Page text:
Faro's Daughter, by Georgette Heyer
Faro’s Daughter has been my introduction to Georgette Heyer, and I had a blast reading this novel. After a string of bad-boy contemporaries, some better written than others, reading Heyer was like sipping a refreshing trou normand after a too-heavy first course. It also made me realize how much I’d missed reading good dialogue. Sometimes, I feel like physical interaction is used to replace a need for creative, intelligent conversation. Lengthy tales of emotional angst or repeated expressions of desire - hot as these may be- don’t usually count as creative and smart for me; they often seem to be just overtures to the sex scenes.
Now don’t get me wrong: I love hot reads, and in fact just glommed the entire Tessa Bailey catalogue in a week. But I also like to switch gears, and novels like Faro’s Daughter are perfect for this. Here’s a book where the hero and heroine don’t kiss until the last page, and whose ending leaves some interesting questions unanswered. Max and Deb do, indeed, agree to marry at the very end, but there’s no syrupy epilogue set months down the line, with a happily pregnant Deb or a completely changed-for-the-better Max. No, instead we’re left to wonder what the engagement announcement will do to the already tenuous relationship between Deb and Max’s families, and to imagine how they will handle the fallout. I really like that, because I’m not dead-set as a romance reader on having all ends tied neatly together. Love and family are messy, and unions have consequences.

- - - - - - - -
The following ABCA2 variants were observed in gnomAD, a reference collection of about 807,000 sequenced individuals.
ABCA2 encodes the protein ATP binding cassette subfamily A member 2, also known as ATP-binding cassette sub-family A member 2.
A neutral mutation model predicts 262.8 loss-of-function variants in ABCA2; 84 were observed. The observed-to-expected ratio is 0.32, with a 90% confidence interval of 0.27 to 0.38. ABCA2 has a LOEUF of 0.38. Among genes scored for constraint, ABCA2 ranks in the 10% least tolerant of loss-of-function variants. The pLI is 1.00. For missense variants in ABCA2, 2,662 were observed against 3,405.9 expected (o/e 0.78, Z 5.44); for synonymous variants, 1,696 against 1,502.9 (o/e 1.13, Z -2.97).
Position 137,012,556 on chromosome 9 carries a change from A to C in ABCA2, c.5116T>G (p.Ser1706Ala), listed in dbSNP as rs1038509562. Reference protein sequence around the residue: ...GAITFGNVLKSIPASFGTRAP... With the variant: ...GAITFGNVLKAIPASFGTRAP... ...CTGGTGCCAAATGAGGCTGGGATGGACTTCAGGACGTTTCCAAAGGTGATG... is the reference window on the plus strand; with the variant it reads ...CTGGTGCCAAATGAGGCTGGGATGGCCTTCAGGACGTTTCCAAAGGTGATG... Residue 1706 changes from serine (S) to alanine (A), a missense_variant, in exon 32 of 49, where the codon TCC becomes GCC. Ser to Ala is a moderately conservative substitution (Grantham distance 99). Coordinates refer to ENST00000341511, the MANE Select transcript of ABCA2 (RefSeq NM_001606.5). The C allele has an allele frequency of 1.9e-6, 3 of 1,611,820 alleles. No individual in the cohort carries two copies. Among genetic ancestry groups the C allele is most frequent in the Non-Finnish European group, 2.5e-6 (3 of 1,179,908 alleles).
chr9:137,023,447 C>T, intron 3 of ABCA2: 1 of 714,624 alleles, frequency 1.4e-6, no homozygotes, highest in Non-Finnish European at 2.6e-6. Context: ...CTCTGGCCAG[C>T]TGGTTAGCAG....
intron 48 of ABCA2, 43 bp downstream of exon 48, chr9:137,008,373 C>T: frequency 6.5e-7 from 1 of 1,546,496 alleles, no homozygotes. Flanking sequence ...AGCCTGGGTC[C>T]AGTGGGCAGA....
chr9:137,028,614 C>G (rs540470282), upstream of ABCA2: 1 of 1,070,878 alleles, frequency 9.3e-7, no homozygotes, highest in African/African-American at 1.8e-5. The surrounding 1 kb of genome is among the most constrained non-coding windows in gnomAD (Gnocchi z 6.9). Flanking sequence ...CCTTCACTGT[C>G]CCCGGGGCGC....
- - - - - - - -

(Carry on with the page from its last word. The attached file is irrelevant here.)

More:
One of these consequences will surely be the fireworks between Max and Deb as they renegotiate their relationship. For much of the novel, Max has been led to believe that Deb means to marry his cousin; Deb, for her part, thinks that Max hates her with a passion. The ultimate declaration of love has shades of Sense and Sensibility, with a shocked Deb bursting into tears at having her secret hopes dragged out into the light and fulfilled.
And, again, there’s the dialogue. Max and Deb’s exchanges are both elegant and punishing. Neither can back down from a challenge, nor stow away their pride, and they engage in an almost painful game to best each other. But we understand that these two fundamentally respect one another, and accept each other as worthy rivals. This leads to some hilarious scenes, like the dinner in Vauxhall or the cellar caper; but even at their craziest, Max and Deb play by honourable (to them) rules, and don’t strike out recklessly at one another.
Faro’s Daughter is a novel about gambling: not just because Deb works at a gambling house, but because every one of her daily actions feels like a carefully calculated risk. She plays matchmaker and saviour for various other characters based on her intuition of an outcome, but is also tricked herself on more than one occasion. And, while she steps on a few toes on the way to her own reckoning, she makes sure to soothe as many hurts as possible.